Three unrelated developments have the potential to make corporate social responsibility (CSR) initiatives necessary monitorables for the average investor:
Companies under pressure to act responsibly:
Social movements garner public support and sympathy – compelling companies to demonstrate their support. Socially responsible actions of companies are coming at a cost that investors need to be aware of. For instance, HUL dropped the word ‘Fair’ from its popular and profitable skin cream brand Fair & lovely. Change in the name of a decades old brand could have some impact on the sales of the skin product, something investors would be keen to quantify. Globally, Unilever and other consumer companies pulled their advertising from Facebook as part of the ‘stop hate for profit’ campaign, which wants the social network to implement stricter measures to curb hateful and racist content.
Proposal to allow the trading of CSR Credits:
A Sebi-constituted panel in its report last month has, among others things, proposed the allowing of CSR spends to be traded between companies with excess CSR spends and those with deficient CSR spends on the social stock exchange. The idea of such a bourse was first floated in the 2019 budget. The proposal, if adopted, can help companies with a poor track record of undertaking CSR practices to buy CSR credits to comply with the law. Another proposal of the panel is to make expenditure toward CSR tax-deductible, which again will make CSR a financial-statements item for investors to closely examine.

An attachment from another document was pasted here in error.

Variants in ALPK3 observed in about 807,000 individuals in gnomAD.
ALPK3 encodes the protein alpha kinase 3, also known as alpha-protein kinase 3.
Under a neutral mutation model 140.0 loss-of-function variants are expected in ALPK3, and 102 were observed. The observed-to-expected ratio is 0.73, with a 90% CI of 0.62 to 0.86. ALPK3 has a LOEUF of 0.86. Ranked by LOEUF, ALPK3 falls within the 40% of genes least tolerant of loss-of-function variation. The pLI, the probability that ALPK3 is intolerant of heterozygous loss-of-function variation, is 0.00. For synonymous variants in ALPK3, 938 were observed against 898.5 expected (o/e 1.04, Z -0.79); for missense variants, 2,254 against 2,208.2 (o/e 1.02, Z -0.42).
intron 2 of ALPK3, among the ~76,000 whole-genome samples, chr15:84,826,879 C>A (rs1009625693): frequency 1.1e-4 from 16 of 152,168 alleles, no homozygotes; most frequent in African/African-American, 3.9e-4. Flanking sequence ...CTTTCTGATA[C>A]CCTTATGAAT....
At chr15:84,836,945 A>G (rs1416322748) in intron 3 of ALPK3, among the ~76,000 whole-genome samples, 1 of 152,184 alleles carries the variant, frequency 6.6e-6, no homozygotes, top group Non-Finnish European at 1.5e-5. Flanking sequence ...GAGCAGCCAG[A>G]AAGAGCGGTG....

The ‘S’ of ESG investing:
A class of investors, both institutional and individual, is on the rise globally and in India that is consciously investing in companies that are compliant with Environmental, Social and Governance (ESG) norms. One of the ways through which these investors measure the ‘social’ aspect of ESG compliance is through monitoring the companies’ CSR initiatives and spending. The Covid crisis has provided several cues to ESG funds to focus on the companies’ efforts for their stakeholders. For instance, companies have contributed generously to the PM Cares fund that provides Covid relief, but on the other hand have also fired a large number of employees to restrain costs. Such companies may not receive a high score on the social compliance touchstone.
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